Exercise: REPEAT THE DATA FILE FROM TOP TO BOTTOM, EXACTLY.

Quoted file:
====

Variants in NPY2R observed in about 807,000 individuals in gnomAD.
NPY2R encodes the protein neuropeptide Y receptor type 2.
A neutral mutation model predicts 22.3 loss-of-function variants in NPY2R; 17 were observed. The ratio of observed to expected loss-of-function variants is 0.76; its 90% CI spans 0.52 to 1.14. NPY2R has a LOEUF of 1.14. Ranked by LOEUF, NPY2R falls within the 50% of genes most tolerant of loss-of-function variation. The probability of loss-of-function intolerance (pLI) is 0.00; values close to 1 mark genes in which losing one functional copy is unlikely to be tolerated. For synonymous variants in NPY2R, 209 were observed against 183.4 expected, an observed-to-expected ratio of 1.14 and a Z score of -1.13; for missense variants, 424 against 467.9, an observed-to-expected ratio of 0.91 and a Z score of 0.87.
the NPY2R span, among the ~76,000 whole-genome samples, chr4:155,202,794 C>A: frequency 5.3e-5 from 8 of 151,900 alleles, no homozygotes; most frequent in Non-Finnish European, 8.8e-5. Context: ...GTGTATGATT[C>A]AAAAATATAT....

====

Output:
Variants in NPY2R observed in about 807,000 individuals in gnomAD.
NPY2R encodes the protein neuropeptide Y receptor type 2.
A neutral mutation model predicts 22.3 loss-of-function variants in NPY2R; 17 were observed. The ratio of observed to expected loss-of-function variants is 0.76; its 90% CI spans 0.52 to 1.14. NPY2R has a LOEUF of 1.14. Ranked by LOEUF, NPY2R falls within the 50% of genes most tolerant of loss-of-function variation. The probability of loss-of-function intolerance (pLI) is 0.00; values close to 1 mark genes in which losing one functional copy is unlikely to be tolerated. For synonymous variants in NPY2R, 209 were observed against 183.4 expected, an observed-to-expected ratio of 1.14 and a Z score of -1.13; for missense variants, 424 against 467.9, an observed-to-expected ratio of 0.91 and a Z score of 0.87.
the NPY2R span, among the ~76,000 whole-genome samples, chr4:155,202,794 C>A: frequency 5.3e-5 from 8 of 151,900 alleles, no homozygotes; most frequent in Non-Finnish European, 8.8e-5. Context: ...GTGTATGATT[C>A]AAAAATATAT....